Some top J.P. Morgan Chase & Co. executives and directors were alerted to risky practices by a team of London-based traders two years before that group’s botched bets cost the bank more than $2 billion, according to people familiar with the situation.
Interviews with more than a dozen current and former members of the bank’s Chief Investment Office, the unit responsible for the losses, indicate that discussions about reining in London traders started as early as 2010. Certain directors were briefed then on a foreign-exchange-options bet that went bad, and were told that the trader responsible wouldn’t be allowed to go overboard in the future, one of these people said.
Last year, top CIO executives set a plan to roll back a separate set of large London trades—only to learn later that the plan hadn’t been followed correctly.
The concerns dating back to 2010 show that J.P. Morgan had an opportunity to avoid the bungled trades, which over time could cost the bank as much as $5 billion.
J.P. Morgan’s battle to bring the London office to heel culminated last month in the disclosure of trading losses. The episode has tarnished the image of Chairman and Chief Executive James Dimon, who has already said he was “dead wrong” when he dismissed concerns about the trades on an April 13 conference call with analysts. It also has raised questions about the strength of oversight at J.P. Morgan, long considered one of the best-managed U.S. banks.
Mr. Dimon is expected to testify before the Senate Banking Committee on Wednesday. He is prepared to give committee members a detailed review of what went wrong.
The company’s investigation is expected to reveal a series of miscues. They include trading-risk limits that were too broad, a new trading model adopted this January that masked mounting dangers, and the failure of top executives to sufficiently probe the huge positions at the CIO, according to the people familiar with the matter.
When Mr. Dimon asked then-CIO head Ina Drew about the trades in early April, for example, she didn’t fly to London to visit the trading group, according to people close to the investigation. Achilles Macris, the London-based head of international at the CIO, assured her on a video conference call that everything was under control, these people said. Ms. Drew and Mr. Macris didn’t respond to requests for comment.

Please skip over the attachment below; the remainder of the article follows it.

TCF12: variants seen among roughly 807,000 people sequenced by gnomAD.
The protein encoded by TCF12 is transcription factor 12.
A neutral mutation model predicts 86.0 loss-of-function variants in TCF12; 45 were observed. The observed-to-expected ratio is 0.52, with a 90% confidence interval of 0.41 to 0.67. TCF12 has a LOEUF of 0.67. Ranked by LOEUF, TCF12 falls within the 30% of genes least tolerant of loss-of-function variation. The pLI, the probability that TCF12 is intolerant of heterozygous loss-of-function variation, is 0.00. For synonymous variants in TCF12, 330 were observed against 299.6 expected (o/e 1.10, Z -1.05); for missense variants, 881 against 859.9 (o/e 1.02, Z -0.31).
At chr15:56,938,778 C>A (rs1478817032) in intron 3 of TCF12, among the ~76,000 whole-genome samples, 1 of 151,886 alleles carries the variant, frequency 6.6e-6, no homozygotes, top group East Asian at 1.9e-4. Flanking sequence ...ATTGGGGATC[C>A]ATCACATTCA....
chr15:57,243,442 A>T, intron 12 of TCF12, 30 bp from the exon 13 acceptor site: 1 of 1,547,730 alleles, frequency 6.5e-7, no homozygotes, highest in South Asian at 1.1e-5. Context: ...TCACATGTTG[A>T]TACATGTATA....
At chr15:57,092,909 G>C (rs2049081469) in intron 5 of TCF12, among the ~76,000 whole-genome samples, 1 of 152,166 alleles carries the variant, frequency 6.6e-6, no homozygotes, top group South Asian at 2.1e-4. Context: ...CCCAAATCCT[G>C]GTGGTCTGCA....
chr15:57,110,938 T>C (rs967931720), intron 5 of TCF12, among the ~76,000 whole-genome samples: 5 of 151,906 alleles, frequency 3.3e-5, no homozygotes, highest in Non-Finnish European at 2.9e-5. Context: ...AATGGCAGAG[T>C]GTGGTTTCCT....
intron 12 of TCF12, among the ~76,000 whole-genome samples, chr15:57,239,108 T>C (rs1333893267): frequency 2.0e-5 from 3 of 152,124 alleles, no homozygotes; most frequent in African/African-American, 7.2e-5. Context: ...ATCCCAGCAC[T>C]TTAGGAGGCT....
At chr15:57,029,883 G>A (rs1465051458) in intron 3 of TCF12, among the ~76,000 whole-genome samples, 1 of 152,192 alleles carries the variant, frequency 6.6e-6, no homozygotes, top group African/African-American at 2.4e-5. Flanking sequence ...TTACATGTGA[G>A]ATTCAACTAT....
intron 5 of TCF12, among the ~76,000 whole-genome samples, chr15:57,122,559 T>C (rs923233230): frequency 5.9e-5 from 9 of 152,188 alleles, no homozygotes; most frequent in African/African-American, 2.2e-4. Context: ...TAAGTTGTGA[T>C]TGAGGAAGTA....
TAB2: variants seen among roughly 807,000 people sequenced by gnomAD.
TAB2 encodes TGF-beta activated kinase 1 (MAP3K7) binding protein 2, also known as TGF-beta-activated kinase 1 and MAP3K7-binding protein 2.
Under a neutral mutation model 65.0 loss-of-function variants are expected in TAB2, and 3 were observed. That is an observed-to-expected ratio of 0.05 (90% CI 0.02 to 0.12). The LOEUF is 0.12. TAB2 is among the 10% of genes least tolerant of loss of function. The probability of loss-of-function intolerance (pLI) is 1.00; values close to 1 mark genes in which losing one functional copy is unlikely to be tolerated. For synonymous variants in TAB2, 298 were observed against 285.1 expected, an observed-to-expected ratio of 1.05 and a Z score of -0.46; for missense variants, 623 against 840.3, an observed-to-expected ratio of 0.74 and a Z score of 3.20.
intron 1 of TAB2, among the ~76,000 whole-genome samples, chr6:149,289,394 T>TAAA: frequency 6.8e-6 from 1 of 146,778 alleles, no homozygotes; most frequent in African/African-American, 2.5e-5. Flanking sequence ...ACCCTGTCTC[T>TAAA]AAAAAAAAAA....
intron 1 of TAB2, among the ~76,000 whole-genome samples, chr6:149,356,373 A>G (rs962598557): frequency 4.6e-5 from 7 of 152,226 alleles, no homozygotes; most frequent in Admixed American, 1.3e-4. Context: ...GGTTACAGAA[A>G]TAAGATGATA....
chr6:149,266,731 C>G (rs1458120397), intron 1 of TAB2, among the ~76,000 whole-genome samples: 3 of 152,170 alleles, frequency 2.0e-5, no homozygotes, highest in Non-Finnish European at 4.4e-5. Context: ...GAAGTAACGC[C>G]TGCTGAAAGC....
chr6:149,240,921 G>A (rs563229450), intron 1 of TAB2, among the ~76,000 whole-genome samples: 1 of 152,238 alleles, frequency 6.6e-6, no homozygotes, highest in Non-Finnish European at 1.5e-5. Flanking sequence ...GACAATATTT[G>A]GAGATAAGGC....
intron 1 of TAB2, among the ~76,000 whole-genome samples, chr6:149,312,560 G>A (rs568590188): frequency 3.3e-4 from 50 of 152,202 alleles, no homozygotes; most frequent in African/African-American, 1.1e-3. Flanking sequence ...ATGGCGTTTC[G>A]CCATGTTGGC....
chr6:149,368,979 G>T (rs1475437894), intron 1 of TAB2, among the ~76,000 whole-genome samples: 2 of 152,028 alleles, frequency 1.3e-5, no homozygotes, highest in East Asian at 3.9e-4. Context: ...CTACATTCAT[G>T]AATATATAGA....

The CIO was little known to those outside the bank until the recent heavy losses. The unit invests the bank’s excess cash, which recently exceeded $370 billion. Under Ms. Drew, it recruited traders, some from hedge funds, who were comfortable using derivatives and other potentially risky tools to boost profits or protect the company.
One such hire was Mr. Macris, a Greek national who joined in 2006 and was charged with overseeing the London office. He was perceived to be a skilled trader but sometimes headstrong. At Bankers Trust, where he was a currency trader in the 1990s, he was asked to resign because of concerns that he wouldn’t get along with a new boss, said two people familiar with the events. Later at Dresdner Kleinwort Wasserstein, where he supervised proprietary traders, he left after losing a three-way battle for sole leadership of capital markets, said a person close to that situation.
Two members of his team were Javier Martin-Artajo, a Spaniard and former Dresdner colleague who became head of credit trading, and Bruno Michel Iksil, a French-born trader later nicknamed the London Whale for the large positions he took in markets. Mr. Iksil declined to comment, and Mr. Martin-Artajo didn’t return calls.
Several early trades made by this group profited by assuming the market was going to weaken in 2008. At one point that year, Mr. Iksil and others made about $1 billion betting against infrequently traded slices of a derivative index tracking subprime-mortgage debt known as the ABX. That trade was thought to help J.P. Morgan hedge its risks as the housing bust took shape.